As I went into my first thru hike ever, I had quite a few experiments going on in terms of gear and strategy. These are the things that have and have not worked in my thru hike.
Gear Sent Home (Not Used or Needed)
- Dutchware Hammock & Enlightened Equipment Hammock Under Quilt: I brought my hammock for the glorious sleep it provides. Since I’m so tired at the end of each day, I sleep gloriously on the ground now, so the 2.8 lb penalty for my hammock rig is unnecessary.
- Patagonia Cap 4 Base Layer: Was concerned about shoulder season temps, but was a non issue.
- Patagonia R1 Hoody Mid Layer: I’ve always used mid layers, but in summer, my puffy is sufficient.
- Marmot Essence Rain Pants: Only used these twice. Will reconsider rain pants up North if there is sufficient rain and cold temps.
- DeFeet Dura Wool Gloves: Only used these once, temps just aren’t low enough and can use extra socks as gloves in a pinch.
- Parafoil 2 Kite: Not even enough wind on Mt. Whitney …. later!
- Higonokami Knife: Sweet knife, figured I would send it home and I was right.
- Platypus 1L Water Storage: No more desert means, few to little extended water carries.
- Tripod: Never used.
- Extra Stuff Sacks: Less gear and better organization means less stuff sacks.
- Suunto M-3 G Compass: I’m usually the guy saying always bring your compass as a best practice, but let’s be honest, unless you’re going off trail, the PCT is too well marked to need a compass. What if I get lost? Valhalla, obviously…. bring it!
- Survival Mirror: Too much traffic on trail should there be an issue to need this.
Gear Updated and Replaced
- Top Quilt: A Katabatic Gear Sawatch 20° quilt has replaced my Enlightened Equipment Revelation 20° quilt. The EE Revelation was a complete nightmare as it suffered from significant down shifting issues that required daily manipulation of down that usually still resulted in cold spots and significant down shifting by the morning. In hindsight, I mistakenly thought I had a down distribution issue, when I had a down loft issue, which resulted in down distribution issues due to less loft. After a conversation with a down buyer and a little research, it looks like longevity / loft issues are an inherent weakness in hydrophobic down products. I no longer use hydrophobic down if I can help it and many down specialty companies refuse to work with it for these reasons.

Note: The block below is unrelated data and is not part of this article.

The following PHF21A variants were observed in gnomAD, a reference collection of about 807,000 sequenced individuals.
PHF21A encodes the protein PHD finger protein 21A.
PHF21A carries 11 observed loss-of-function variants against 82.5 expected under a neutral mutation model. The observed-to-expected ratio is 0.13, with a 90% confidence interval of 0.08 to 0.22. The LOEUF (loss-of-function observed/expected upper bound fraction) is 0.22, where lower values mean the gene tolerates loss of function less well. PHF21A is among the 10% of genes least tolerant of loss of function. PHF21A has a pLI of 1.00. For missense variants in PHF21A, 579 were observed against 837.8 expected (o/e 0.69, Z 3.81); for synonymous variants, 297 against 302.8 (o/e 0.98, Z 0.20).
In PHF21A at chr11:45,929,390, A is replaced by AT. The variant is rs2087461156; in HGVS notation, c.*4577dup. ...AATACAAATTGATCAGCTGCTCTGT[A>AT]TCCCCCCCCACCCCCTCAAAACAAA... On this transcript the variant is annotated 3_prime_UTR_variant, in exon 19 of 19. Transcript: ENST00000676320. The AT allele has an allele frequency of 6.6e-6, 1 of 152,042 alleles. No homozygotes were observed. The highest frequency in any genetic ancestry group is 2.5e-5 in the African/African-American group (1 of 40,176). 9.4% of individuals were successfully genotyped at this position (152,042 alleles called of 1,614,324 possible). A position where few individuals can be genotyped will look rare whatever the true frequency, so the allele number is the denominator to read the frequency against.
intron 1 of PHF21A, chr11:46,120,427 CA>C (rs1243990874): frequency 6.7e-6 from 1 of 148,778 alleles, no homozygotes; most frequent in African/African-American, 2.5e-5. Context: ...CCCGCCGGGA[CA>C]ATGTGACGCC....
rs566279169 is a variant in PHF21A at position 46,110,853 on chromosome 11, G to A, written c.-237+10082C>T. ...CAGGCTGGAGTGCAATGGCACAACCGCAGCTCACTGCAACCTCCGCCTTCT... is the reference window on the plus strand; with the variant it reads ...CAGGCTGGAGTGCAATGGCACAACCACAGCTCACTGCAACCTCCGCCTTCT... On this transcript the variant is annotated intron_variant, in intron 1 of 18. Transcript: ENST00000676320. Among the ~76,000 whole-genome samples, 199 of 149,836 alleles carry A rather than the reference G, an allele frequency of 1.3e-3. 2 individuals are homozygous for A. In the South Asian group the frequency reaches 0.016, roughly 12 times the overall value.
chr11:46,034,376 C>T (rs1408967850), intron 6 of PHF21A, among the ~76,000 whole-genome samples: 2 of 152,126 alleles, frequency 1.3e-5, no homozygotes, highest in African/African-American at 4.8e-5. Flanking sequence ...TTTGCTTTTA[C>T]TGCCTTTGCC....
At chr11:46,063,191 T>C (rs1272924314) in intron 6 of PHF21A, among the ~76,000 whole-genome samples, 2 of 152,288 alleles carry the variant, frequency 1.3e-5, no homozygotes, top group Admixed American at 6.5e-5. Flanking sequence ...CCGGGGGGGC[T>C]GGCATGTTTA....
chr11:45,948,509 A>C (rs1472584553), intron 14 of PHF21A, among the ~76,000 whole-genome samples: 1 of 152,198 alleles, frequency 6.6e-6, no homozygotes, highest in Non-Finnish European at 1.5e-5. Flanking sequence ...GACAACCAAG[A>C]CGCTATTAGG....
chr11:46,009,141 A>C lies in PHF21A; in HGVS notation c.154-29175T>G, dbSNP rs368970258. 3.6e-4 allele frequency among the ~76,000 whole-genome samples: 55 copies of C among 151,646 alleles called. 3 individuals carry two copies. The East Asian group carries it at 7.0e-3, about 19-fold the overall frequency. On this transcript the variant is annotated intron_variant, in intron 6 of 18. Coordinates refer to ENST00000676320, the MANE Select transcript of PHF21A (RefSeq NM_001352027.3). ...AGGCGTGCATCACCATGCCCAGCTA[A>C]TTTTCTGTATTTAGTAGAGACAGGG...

- Tarp: A Hyperlite Mountain Gear Echo II Tarp replaced my Hammock Gear Hammock Tarp since I sent my hammock rig home.
- Sleeping Pad: A Therm-a-Rest NeoAir Xlite size small replaced the Klymit X-Lite Recon 3/4 length pad that I started with. The cut outs / exoskeleton on the Klymit X-Lite proved to be cold spots, even in the 40s, no bueno.
- Ground Sheet: A Zpacks Ultralight Bivy replaced the tyvek, which had previously replaced polycro. Tyvek worked well but for an extra 1.4 ounces, I have the added wind and bug protection provided by the bivy. I initially started out with polycro, which was horrible and immediately started ripping and tearing on day one. Just say no to disposable gear!
- Water Treatment: A Sawyer Squeeze water filter replaced my Aquamira Drops. The squeeze is more convenient for the many, many times I have to filter water each day!
- Macbook: I was bouncing my Macbook Pro a week ahead at a time, but was a slave to the post office hours of operation. My new Macbook is amazing and light at 2.2 lbs with case and charger!
- Therm-a-Rest Sit Pad: Having a sit pad keeps your butt out of the dirt on breaks. It’s also nice to put your pack against a berm or dirt wall and lean against it for a quick nap while sitting on your sit pad!
Strategy Failures and Changes
- No Cook Meals: I no longer eat meals for breakfast or lunch that require cooking or washing of my pot.
- Going Stoveless: I sent my stove home and went stoveless for a while, but found out that many noodles, like macaroni, don’t hydrate without heat. Got my stove back and good to go!
- Hammocking: Sleep well on ground, so need for unnecessary weight and comfort of hammock.
- Resupply Boxes: I was bouncing a box with supplies and one with my laptop. Worst idea ever. Every time I opened my boxes, shit went everywhere and I was overwhelmed. It didn’t make sense to me from a strategy or cost perspective. I was also a slave to post office hours, which meant running the last 7 miles into Tehachapi to get to the post office by their 2:00 Saturday close time so I didn’t have to wait till Tuesday to get my box (they were closed Sunday and Monday was a holiday).
Favorite Pieces of Gear
- Bandana: What haven’t I wiped on this thing? Easily cleaned and clutch when you have a beard the size of a small dog living on your face.
- Sit Pad: My butt is delicate and fragile, like me. Not going to sit in the the dirt brah!